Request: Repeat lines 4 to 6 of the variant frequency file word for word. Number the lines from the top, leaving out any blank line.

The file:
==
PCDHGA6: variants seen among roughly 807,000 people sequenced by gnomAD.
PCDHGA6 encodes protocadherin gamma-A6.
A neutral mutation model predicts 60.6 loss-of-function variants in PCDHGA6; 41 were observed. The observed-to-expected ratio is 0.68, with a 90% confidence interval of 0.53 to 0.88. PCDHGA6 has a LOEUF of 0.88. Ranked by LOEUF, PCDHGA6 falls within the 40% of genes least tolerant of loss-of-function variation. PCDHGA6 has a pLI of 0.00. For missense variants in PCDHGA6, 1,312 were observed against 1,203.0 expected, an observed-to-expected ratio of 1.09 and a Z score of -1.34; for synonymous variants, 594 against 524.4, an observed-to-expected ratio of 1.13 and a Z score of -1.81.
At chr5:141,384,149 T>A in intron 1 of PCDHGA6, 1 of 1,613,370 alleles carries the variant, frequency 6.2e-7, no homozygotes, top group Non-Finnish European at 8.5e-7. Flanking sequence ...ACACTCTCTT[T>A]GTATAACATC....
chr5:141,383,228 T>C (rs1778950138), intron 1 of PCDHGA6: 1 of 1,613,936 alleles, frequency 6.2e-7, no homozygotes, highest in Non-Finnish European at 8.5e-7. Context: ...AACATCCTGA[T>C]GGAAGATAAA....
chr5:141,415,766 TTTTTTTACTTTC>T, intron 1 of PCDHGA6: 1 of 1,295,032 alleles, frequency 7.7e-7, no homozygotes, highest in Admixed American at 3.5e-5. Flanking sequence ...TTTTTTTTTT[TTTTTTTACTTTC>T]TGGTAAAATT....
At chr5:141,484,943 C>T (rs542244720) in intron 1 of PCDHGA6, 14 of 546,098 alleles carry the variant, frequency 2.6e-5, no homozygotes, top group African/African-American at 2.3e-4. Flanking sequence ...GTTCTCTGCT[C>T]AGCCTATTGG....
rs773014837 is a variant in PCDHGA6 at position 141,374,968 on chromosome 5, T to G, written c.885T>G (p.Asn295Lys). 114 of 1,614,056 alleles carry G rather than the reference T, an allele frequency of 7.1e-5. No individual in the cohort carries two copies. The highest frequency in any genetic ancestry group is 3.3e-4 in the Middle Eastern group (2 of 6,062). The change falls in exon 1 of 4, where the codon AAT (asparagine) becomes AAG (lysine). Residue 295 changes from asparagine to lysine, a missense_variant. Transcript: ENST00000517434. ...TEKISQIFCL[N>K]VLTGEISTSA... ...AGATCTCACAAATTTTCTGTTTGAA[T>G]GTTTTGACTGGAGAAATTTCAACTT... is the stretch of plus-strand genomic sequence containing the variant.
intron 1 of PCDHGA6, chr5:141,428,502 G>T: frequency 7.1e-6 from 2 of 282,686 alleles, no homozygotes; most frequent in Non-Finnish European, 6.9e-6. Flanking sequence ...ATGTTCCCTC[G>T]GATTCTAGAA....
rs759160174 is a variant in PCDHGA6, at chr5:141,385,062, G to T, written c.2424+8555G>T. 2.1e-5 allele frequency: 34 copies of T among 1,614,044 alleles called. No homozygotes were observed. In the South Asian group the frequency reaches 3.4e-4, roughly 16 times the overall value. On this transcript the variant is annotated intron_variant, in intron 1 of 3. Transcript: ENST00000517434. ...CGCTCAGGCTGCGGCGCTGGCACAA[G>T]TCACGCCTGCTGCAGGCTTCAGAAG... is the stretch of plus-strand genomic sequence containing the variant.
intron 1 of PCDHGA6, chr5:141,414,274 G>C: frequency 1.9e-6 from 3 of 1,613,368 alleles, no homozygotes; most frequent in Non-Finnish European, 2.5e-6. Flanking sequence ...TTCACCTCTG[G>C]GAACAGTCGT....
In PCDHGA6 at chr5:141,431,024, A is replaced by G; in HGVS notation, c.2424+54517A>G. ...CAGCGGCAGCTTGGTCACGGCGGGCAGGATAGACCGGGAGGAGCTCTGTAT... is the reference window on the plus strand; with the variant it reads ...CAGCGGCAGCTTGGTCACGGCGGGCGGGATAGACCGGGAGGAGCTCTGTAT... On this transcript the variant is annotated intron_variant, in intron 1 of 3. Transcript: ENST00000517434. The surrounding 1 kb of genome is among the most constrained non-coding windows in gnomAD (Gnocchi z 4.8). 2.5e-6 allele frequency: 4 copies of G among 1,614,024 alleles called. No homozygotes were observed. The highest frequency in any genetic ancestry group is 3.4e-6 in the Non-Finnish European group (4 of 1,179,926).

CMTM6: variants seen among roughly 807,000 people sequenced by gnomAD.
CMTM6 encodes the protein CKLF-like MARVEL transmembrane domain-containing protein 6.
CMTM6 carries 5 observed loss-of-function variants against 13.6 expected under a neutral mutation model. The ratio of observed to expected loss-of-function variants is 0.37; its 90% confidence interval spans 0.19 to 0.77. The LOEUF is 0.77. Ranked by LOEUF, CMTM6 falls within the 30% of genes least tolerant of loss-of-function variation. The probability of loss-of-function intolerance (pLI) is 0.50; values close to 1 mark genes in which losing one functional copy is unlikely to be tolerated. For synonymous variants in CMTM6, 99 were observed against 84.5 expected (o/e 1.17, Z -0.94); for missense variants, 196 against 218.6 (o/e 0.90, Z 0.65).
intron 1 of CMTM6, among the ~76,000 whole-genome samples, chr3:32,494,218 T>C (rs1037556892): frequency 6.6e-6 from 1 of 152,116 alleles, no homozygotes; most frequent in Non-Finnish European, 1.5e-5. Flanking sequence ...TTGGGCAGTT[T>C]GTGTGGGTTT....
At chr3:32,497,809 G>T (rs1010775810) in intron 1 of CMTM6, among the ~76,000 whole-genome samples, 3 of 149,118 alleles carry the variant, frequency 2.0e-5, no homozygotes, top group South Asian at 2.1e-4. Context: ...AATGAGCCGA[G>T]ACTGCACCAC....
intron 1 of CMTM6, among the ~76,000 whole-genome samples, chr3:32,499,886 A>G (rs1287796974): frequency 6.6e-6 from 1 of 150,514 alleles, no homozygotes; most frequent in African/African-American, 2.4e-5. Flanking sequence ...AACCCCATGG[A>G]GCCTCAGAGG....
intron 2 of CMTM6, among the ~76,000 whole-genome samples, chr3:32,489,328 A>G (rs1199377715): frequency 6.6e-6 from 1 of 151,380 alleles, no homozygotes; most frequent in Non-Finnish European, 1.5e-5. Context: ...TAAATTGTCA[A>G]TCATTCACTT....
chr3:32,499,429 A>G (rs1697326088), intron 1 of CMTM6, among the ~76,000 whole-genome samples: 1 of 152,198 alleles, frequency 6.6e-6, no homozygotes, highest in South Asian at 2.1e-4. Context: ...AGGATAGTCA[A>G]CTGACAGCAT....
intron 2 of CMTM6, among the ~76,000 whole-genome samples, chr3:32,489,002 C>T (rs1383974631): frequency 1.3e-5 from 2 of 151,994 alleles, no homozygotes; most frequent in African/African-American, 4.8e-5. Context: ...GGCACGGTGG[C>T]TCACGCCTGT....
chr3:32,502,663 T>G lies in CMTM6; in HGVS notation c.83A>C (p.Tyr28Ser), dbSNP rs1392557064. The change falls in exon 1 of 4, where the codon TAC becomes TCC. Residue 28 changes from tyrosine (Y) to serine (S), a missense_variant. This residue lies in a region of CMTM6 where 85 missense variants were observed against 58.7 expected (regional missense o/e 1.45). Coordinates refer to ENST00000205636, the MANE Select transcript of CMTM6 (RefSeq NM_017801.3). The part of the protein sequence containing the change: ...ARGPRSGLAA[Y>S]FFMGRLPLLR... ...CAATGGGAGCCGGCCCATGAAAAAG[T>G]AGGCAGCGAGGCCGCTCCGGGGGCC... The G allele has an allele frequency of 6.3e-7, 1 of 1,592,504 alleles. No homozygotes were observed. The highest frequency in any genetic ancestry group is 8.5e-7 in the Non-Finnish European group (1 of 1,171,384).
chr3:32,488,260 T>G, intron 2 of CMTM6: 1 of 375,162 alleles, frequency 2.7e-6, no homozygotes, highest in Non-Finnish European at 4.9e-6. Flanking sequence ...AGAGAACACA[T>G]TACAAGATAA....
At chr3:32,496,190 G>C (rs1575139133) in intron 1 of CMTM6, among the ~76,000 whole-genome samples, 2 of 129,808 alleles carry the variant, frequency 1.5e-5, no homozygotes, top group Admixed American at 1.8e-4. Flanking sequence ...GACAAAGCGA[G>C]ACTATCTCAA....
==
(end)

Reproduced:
At chr5:141,384,149 T>A in intron 1 of PCDHGA6, 1 of 1,613,370 alleles carries the variant, frequency 6.2e-7, no homozygotes, top group Non-Finnish European at 8.5e-7. Flanking sequence ...ACACTCTCTT[T>A]GTATAACATC....
chr5:141,383,228 T>C (rs1778950138), intron 1 of PCDHGA6: 1 of 1,613,936 alleles, frequency 6.2e-7, no homozygotes, highest in Non-Finnish European at 8.5e-7. Context: ...AACATCCTGA[T>C]GGAAGATAAA....
chr5:141,415,766 TTTTTTTACTTTC>T, intron 1 of PCDHGA6: 1 of 1,295,032 alleles, frequency 7.7e-7, no homozygotes, highest in Admixed American at 3.5e-5. Flanking sequence ...TTTTTTTTTT[TTTTTTTACTTTC>T]TGGTAAAATT....